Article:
It looks cute and is easy to hold. It also comes with a shock absorbing silicone skin that makes it even easier for little hands to hold and comes in a few fun colourful designs.. The screen is bright and the photo resolution actually decent at 16MP. It records both video and still images. It has a rechargeable battery and comes with memory card and lanyard. It also includes fun filters and templates that the younger kids will like to play with. MyFirst is a company that specialises in electronics for kids and this is the third version of this camera - each one bringing genuine improvements.
Kidamento - model C - £49
Kidamento is a company that specilies in kids cameras - they developed a few models for different age ranges and their model C is aimed at the youngest age range. They come in super cute designs that should delight your kids and while the image quality is again average at best, it's perfectly usable. I like that the lanyard doubles as a charging cord and a data cable so you're not hunting for items. My minor gripe with is is that the memory card is built in which means that if it fails, you can't easily replace it. Bear and Fox designs sell at £49.99
YunLone - £36
Let's face it, toddler's attention is fickle and you may not want to spend much on something that may be forgotten in a few short weeks or days. If you type 'kids camera' into amazon, you will see a flood of cheap brightly coloured, usually no brand cameras. They are colourful, cheap and cheerful with reviews to match that price. If you're not keen on spending too much money on a hobby your kid might want to drop after a short while, it may be the right way for you but I'd look carefuly at reviews before spending your money. The one camera that stood out for me in the sea of multicolour plastic was YunLone - small and simple enough to operate, with large controls and shockproof body and zoomable lens and at a price point that's not too hard to swallow.
For Older Kids (Ages 7-10)
At this age the kids expect a bit more from their tech ( the youth of today, tsk tsk....) but can also deal with a bit more complexity to the camera settings.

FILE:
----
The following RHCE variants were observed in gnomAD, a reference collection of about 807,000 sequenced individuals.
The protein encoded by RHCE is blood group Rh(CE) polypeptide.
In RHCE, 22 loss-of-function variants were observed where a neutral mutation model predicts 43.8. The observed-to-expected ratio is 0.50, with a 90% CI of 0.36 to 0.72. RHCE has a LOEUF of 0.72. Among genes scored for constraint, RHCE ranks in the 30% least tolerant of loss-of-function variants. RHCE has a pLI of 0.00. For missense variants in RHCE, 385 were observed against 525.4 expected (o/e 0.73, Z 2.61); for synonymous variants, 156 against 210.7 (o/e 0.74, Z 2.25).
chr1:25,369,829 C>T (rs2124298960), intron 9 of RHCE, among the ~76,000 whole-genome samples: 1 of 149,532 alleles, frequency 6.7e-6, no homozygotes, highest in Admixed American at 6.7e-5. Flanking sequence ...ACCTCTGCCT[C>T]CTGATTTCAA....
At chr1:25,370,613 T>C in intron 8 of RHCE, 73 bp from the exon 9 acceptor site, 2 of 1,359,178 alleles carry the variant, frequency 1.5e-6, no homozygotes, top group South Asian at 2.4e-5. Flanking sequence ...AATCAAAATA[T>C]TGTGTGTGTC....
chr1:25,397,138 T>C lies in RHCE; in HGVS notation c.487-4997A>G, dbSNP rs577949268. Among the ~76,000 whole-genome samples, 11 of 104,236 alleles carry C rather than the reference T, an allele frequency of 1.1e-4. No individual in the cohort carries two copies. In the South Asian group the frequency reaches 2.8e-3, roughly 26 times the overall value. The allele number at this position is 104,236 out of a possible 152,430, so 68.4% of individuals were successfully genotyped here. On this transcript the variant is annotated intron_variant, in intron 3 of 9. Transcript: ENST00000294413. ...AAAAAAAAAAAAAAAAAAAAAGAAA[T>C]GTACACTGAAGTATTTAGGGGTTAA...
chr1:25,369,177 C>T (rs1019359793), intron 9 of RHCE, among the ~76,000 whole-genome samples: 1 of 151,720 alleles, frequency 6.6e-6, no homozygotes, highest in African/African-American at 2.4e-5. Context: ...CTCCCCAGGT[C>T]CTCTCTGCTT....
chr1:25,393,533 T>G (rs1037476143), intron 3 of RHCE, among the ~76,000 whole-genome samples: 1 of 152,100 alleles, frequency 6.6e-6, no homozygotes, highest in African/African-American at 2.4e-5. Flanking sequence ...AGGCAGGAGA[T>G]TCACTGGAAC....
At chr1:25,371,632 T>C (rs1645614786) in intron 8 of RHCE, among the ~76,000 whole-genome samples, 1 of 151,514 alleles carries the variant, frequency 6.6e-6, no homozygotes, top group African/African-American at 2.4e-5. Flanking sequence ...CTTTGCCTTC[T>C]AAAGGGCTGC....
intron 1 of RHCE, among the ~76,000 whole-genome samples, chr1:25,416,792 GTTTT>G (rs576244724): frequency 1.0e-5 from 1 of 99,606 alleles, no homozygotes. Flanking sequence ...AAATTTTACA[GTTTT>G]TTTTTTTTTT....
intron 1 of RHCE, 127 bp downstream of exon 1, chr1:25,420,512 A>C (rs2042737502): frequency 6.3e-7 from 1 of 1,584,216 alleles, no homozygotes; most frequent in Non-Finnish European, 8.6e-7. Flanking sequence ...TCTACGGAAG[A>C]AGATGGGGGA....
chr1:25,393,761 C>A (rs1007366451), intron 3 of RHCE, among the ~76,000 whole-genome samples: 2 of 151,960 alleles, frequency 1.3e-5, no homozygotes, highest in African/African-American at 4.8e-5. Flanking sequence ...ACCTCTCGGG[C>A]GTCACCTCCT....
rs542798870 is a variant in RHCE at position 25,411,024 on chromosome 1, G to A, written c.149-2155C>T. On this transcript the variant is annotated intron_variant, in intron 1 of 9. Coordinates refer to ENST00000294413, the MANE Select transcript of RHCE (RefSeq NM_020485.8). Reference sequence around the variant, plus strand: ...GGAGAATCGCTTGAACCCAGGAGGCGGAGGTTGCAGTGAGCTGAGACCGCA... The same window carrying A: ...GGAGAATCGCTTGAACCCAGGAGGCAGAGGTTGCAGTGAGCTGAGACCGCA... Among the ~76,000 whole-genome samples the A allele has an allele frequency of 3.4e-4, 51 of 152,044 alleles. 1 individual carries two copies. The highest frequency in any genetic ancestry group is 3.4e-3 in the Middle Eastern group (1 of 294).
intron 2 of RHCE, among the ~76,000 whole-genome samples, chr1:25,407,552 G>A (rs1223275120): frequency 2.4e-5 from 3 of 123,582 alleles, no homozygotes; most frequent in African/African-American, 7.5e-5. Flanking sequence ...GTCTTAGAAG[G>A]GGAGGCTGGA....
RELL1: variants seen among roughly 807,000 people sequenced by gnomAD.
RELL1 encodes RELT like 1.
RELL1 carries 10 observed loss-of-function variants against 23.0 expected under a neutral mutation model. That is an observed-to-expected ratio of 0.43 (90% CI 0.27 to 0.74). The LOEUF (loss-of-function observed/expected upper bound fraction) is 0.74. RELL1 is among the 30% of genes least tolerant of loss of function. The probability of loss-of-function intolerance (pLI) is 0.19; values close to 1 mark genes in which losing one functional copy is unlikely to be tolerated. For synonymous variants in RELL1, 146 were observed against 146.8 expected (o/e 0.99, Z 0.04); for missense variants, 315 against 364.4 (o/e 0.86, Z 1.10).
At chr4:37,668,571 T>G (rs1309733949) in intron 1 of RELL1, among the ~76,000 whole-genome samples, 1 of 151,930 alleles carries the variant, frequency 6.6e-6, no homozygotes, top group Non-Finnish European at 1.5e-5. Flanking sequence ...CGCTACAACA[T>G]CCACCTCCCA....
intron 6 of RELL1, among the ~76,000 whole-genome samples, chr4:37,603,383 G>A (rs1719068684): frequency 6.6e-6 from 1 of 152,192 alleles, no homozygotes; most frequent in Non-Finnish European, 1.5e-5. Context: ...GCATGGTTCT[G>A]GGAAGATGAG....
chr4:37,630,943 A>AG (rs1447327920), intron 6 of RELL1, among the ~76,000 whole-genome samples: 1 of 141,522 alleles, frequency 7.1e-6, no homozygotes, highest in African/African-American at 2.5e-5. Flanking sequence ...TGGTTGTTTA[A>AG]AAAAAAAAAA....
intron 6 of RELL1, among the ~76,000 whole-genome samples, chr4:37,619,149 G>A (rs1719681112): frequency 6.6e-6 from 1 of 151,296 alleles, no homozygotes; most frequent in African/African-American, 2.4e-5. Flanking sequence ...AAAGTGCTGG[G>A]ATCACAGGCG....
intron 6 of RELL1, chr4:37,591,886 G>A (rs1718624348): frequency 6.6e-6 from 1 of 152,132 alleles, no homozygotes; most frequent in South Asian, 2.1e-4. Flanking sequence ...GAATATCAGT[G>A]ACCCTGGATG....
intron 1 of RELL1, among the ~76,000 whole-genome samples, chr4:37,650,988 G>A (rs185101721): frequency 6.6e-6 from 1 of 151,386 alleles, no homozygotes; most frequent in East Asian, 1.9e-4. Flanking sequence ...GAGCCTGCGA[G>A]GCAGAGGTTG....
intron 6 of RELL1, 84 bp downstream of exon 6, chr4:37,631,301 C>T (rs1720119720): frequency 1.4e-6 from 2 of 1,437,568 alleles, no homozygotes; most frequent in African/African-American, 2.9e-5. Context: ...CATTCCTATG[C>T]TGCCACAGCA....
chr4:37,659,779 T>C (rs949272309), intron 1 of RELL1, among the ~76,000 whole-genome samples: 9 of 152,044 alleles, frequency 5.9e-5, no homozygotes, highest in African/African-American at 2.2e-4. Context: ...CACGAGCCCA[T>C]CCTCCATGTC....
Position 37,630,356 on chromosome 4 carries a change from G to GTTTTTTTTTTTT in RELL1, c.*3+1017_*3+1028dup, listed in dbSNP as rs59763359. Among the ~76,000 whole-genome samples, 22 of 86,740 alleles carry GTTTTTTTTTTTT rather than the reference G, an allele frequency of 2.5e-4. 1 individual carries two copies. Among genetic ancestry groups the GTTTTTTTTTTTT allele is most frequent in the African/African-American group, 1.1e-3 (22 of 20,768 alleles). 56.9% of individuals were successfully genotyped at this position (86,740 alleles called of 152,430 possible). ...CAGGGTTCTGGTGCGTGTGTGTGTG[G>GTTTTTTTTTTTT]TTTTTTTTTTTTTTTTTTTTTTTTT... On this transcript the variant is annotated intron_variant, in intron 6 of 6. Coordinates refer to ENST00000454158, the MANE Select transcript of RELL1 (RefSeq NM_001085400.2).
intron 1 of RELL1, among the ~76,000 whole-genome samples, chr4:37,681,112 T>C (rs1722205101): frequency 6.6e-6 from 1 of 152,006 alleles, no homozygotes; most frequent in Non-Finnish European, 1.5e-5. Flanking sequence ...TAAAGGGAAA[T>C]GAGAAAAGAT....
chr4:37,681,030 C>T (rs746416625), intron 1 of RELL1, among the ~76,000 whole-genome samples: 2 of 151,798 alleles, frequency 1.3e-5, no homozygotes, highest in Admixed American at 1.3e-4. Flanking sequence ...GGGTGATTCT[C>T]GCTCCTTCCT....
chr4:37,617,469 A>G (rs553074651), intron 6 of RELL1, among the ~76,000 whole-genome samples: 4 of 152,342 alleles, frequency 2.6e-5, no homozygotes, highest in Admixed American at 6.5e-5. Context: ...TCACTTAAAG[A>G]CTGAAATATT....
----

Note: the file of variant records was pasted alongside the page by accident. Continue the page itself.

VTECH KidiZoom Studio Compact Camera OR Action Cam
This is still not the camera to choose for it's image quality - it can only do 5MP - but it's fun for kids to use and play with, the little selfie mode helps them take photos or videos of themselves, like it's other version it does include special filters ( yay) and games ( boo). For the price it's a decent option for the younger end of this age bracket. Alternatively, YOu might also consider the VTech Action Cam which is smaller and designed like an action camera - essentially an entry level gopro. Similarly to the studio model, the resolution is not its strongest feature but as an entry to action cams this is a decent option for its price.
Kodak Pixpro WPZ2
Ok, so this is not technically a 'kids' camera but it fulfills most of my expectations of what a starter camera for a young user should be - it's shock and water resistant ( it can shoot underwater without any other case needed) , the screen is bright, the image resolution is pretty good for a compact ( 16MP) , it's small and light and there are not too many controls for a child to use. It also comes in bright colours which let's face it is a plus with kids. Built-in flash can help with poorer light situations. For children who are more advanced in their skills, the camera allows you to switch between Auto, Program and Manual mode ( no priority modes) and control Shutter speed, focus and ISO independently. Bonus - it's got wifi connectivity built in, so you can easily transfer photos to your phone. I think this camera would suit a tween-teen as well.
My last suggestion in this range is an instant camera - unlike a lot of other instant cameras it's pretty small and slender and the cost of the refill paper is not eye-watering. It will be a great option for those kids who like to be able to see the images in real life and display them straight away. At £56 with paper refills at £12 for 50 units, it's reasonably budget friendly too.
Be aware though that there is no screen - your child will have to look through the viewfinder so if they're used to a screen, choosing the Kodak Smile may be a be a better option as it features a small screen at the back. The operation is a little more fiddly though and it's a bit more pricy so you need to weight up what you need from it most.